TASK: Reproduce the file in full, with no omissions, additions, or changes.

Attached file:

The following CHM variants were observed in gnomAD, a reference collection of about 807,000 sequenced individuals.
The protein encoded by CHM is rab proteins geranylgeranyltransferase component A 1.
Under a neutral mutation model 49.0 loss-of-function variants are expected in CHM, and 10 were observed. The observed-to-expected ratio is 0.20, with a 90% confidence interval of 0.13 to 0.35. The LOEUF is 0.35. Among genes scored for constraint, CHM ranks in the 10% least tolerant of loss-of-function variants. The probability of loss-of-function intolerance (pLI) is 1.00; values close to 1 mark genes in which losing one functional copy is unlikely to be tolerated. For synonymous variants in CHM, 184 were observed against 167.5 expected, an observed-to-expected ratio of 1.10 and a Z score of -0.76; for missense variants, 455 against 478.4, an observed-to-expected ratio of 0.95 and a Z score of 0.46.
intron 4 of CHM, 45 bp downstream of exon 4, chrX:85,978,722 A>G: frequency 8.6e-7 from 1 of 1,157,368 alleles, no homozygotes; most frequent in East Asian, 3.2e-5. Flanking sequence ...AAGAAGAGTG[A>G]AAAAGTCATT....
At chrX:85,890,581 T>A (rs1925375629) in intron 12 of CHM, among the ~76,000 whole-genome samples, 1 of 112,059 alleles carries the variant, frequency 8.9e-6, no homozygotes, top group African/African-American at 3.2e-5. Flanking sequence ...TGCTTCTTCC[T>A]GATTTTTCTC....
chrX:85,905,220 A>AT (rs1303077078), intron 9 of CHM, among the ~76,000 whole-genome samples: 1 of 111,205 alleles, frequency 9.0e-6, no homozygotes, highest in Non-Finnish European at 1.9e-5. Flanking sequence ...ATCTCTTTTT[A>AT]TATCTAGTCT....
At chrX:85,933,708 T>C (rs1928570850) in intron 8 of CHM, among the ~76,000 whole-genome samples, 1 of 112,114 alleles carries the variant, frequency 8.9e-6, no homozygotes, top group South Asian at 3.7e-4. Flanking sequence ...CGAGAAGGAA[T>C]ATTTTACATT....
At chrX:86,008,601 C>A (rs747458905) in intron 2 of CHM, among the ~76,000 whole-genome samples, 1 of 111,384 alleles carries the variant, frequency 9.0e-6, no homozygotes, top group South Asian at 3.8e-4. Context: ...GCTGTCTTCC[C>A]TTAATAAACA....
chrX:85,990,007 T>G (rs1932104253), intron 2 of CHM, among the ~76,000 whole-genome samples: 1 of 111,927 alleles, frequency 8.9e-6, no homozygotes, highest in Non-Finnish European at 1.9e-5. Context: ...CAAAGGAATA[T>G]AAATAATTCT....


The following CHM variants were observed in gnomAD, a reference collection of about 807,000 sequenced individuals.
The protein encoded by CHM is rab proteins geranylgeranyltransferase component A 1.
Under a neutral mutation model 49.0 loss-of-function variants are expected in CHM, and 10 were observed. The observed-to-expected ratio is 0.20, with a 90% confidence interval of 0.13 to 0.35. The LOEUF is 0.35. Among genes scored for constraint, CHM ranks in the 10% least tolerant of loss-of-function variants. The probability of loss-of-function intolerance (pLI) is 1.00; values close to 1 mark genes in which losing one functional copy is unlikely to be tolerated. For synonymous variants in CHM, 184 were observed against 167.5 expected, an observed-to-expected ratio of 1.10 and a Z score of -0.76; for missense variants, 455 against 478.4, an observed-to-expected ratio of 0.95 and a Z score of 0.46.
intron 4 of CHM, 45 bp downstream of exon 4, chrX:85,978,722 A>G: frequency 8.6e-7 from 1 of 1,157,368 alleles, no homozygotes; most frequent in East Asian, 3.2e-5. Flanking sequence ...AAGAAGAGTG[A>G]AAAAGTCATT....
At chrX:85,890,581 T>A (rs1925375629) in intron 12 of CHM, among the ~76,000 whole-genome samples, 1 of 112,059 alleles carries the variant, frequency 8.9e-6, no homozygotes, top group African/African-American at 3.2e-5. Flanking sequence ...TGCTTCTTCC[T>A]GATTTTTCTC....
chrX:85,905,220 A>AT (rs1303077078), intron 9 of CHM, among the ~76,000 whole-genome samples: 1 of 111,205 alleles, frequency 9.0e-6, no homozygotes, highest in Non-Finnish European at 1.9e-5. Flanking sequence ...ATCTCTTTTT[A>AT]TATCTAGTCT....
At chrX:85,933,708 T>C (rs1928570850) in intron 8 of CHM, among the ~76,000 whole-genome samples, 1 of 112,114 alleles carries the variant, frequency 8.9e-6, no homozygotes, top group South Asian at 3.7e-4. Flanking sequence ...CGAGAAGGAA[T>C]ATTTTACATT....
At chrX:86,008,601 C>A (rs747458905) in intron 2 of CHM, among the ~76,000 whole-genome samples, 1 of 111,384 alleles carries the variant, frequency 9.0e-6, no homozygotes, top group South Asian at 3.8e-4. Context: ...GCTGTCTTCC[C>A]TTAATAAACA....
chrX:85,990,007 T>G (rs1932104253), intron 2 of CHM, among the ~76,000 whole-genome samples: 1 of 111,927 alleles, frequency 8.9e-6, no homozygotes, highest in Non-Finnish European at 1.9e-5. Context: ...CAAAGGAATA[T>G]AAATAATTCT....